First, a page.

S U C K

"a fish, a barrel, and a smoking gun"
for 25 April 1997. Updated every WEEKDAY.
 
 
 
 
 

The Need for Screed

 

[]

America's rant resurgence

occurred sometime in the late

1980s, when Amok Press released

Rants and Incendiary Tracts and

Apocalypse Culture, underground

collections of literary

fulminations from schizophrenics

and Muslims to satanists,

pirates, pedophiles, Ezra Pound,

and the Marquis de Sade.

 

Since that time, our nation has

taken the rant and chopped,

channeled, and hot-rodded it out

to the point where the word now

defines everything from Karl

Marx hollering on a street

corner about bread lines, to

some white guy named Dave who

works at CompuServe in Bellevue,

and whose Rant at Dave page

offers readers a handy

pre-addressed form to zap him

their screed.

 

A rant is not a secret email to a

nerd, any more than a mailbomb

is an invitation from Ed McMahon

to join the sweepstakes. Cubicle

sassiness should not be mistaken

for true seething. There's a big

difference between genuine

outrage and someone running off

at the mouth in the staff

lunchroom that there's no more

coffee filters. A rant should be

short, angry, shrill, annoying,

and mean-spirited. It should

either be shouted at the top of

its lungs, or smolder in a

continuous, excruciating burn.

It should find its intended

target, it should hurt, and it

should know at all times that it

is the only sane voice of reason

howling against an insane world.

 

Keep all this in mind as you

email Dave.

 

[]

Many have ranted eloquently

throughout the years, from

Ambrose Bierce to H. L. Mencken

and Valerie Solanas, author of

the Society for Cutting Up Men

(S.C.U.M.) Manifesto. One of the

more darkly comic and

entertaining ranters of the past

20 years has been the late Bill

Hicks (see his posthumous

release, Rant in E Minor). Since

he emerged - and was eventually

censored off Letterman - Hicks

has spawned a slew of half-baked

imitators, among them Dennis

Leary, who stole Hicks' furious,

chain-smoking persona for MTV,

then quickly dropped the rant

format once he started phoning

in a series of unimpressive film

roles.

 

But the rant brushfire now

reaches up to lick the windows

of the corporate world, where

"rant" is a cool marketing term

that indicates "DIY-types" with

"'tude." I personally have sat

in on meetings to start up a new

magazine that would include the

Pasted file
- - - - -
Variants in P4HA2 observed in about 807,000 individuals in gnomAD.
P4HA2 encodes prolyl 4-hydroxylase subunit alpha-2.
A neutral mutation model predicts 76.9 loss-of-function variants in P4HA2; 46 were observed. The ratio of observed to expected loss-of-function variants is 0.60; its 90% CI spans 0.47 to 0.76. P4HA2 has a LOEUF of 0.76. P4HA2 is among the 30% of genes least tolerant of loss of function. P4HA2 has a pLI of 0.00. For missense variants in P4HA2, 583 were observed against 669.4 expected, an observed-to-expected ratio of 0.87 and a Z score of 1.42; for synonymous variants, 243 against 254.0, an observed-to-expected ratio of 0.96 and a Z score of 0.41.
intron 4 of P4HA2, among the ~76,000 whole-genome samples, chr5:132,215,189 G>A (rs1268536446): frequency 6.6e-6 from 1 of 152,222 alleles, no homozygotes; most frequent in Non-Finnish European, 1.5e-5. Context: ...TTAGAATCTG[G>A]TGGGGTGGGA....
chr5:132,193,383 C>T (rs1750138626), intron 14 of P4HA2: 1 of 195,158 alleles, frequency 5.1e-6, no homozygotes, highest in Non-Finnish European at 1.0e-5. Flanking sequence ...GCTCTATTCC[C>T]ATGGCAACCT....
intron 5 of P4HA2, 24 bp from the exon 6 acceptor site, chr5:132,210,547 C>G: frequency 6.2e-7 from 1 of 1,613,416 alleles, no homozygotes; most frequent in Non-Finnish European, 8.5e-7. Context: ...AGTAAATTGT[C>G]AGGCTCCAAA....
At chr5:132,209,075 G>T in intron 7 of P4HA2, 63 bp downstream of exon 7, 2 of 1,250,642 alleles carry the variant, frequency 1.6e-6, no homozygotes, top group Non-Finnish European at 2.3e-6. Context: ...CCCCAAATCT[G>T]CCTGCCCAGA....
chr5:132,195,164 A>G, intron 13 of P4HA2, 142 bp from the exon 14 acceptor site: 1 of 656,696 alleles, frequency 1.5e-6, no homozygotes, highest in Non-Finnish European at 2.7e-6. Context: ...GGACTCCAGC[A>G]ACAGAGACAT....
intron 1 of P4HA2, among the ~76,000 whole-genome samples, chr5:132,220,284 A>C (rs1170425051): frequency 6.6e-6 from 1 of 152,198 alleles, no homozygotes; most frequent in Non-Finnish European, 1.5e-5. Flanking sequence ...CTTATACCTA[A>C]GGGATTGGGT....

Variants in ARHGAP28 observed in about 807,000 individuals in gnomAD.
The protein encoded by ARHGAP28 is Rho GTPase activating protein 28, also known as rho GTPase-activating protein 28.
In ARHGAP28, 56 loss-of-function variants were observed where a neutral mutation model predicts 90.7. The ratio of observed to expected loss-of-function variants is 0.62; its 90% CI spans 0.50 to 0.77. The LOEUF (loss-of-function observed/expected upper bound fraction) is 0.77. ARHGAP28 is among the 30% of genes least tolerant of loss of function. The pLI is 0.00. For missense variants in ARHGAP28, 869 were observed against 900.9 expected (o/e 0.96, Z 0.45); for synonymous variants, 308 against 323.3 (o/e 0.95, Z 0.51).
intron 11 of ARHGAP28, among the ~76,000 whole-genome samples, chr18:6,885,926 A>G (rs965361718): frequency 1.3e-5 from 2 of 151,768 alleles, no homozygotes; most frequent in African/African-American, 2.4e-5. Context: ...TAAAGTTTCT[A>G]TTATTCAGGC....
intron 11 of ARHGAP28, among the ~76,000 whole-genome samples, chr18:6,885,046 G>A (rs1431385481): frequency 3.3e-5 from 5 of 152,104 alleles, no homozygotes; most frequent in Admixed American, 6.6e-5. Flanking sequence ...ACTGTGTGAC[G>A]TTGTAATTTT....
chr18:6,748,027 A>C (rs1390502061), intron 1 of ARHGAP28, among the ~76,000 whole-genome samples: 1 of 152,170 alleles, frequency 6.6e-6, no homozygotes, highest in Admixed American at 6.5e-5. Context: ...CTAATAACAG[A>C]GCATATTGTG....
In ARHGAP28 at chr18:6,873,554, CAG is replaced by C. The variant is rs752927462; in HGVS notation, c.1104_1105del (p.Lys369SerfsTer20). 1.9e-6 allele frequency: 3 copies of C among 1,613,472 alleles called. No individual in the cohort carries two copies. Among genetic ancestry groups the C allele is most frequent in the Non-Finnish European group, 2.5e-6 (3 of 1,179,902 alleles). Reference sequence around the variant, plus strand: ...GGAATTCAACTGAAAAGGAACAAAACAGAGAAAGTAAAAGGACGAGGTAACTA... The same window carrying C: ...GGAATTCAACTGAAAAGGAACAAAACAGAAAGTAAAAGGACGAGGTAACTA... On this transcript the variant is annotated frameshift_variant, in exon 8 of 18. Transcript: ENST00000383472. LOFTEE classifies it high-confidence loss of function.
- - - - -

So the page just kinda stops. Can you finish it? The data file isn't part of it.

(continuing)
"Guest Rant of the Week"

department. We have HotWired's

Media Rant, which isn't really a

rant at all, but another op-ed

slot with a catchy, SoHo-pomo-

boho name. And we have

last year's book Rants from

comedian Dennis Miller, a

collection of formulaic

monologs, transcribed and

typeset to appear as essays,

with the familiar odor of

writing by committee.

 

[]

Miller's smartass sensibility

could easily be held to blame

for the defanging of the rant.

Beaming into households with his

HBO talk show, M & M

commercials, and assorted movie

cameos, his persona remains

unchanged - a self-involved Bob

Hope with a thesaurus, firing

off endless references to names

of books, movies, and TV

programs, so that couch potatoes

can feel good about their

liberal arts degrees: "The [news

item in headlines] would make

[relevant political figure] look

like a [1970s television

character]!" Each "chapter" is

prefaced by Miller's trademark

set-up to warn you another rant

is coming on the horizon:

 

"Now I don't want to get off on a

rant here, but we've devolved

over the last few decades from a

Barry Lyndon gentility to a

bunch of Thunderdome mooks."

 

Someone shoot him with a dart -

he's ranting outta control!

 

[]

Which brings us to the unwashed

and pissed-off art brats of the

digital world, where modems seem

to have contracted a new form of

Tourette's syndrome. The online

rant reader must paddle upstream

through the linguistic tortures

that pass for prose, cutesy

mutations derived by hyphenating

pop-culture nouns and ad jingles

into smug adjectives, where

someone possesses

"Steve-Austin-a-man-barely alive

tenacity," "Scooby-Doo

fruitlessness," or

"just-look-at-that-shine

efficiency." (Or is, perhaps,

"SoHo-pomo-boho.") If you've

always wondered whatever became

of the sociopath kids in school

who excelled at the blue-book

essays while scribbling

furiously on their jeans,

they've found their niche as the

new punditry, nose-ringed George

Wills with a laptop, or the new

satirists, ersatz Mark Leyners

with a T1 line.

 

Add to this the "spoken-word"

forums of high-vocabulary

whinings currently taking up

space at Lollapaloozas, the

nation's cafes, and Henry

Rollins' bookshelf, and it would

seem that an exciting new

literary genre has emerged. In

the world of cyberspew alone, a

search on AltaVista for the word

"rant" yielded a breezy 10,000

hits. With no editors and no

cover price - and often no

readers - the fiber-optics hum

with tiny, useless beefs about

the state of the world, random

fumings littering the landscape

like trash bags snagged on a

fence.

 

[]

If The New York Times is right,

and the '90s are the Look-at-Me

Decade, then online ranting

provides literary potty-training

crucial to our sense of

self-development. Each proud

little deposit announces to the

world that not only is the

author capable of great and

justifiable fury, but you did it

all by yourself! Now wash your

hands, clear your desktop, and

come to the dinner table - it's

lasagna night! We'll all talk

about our day, and you can tell

everyone in the family about

your little rant you made just

now.

 
 
 
courtesy of Häns Rodeo
 
 
 

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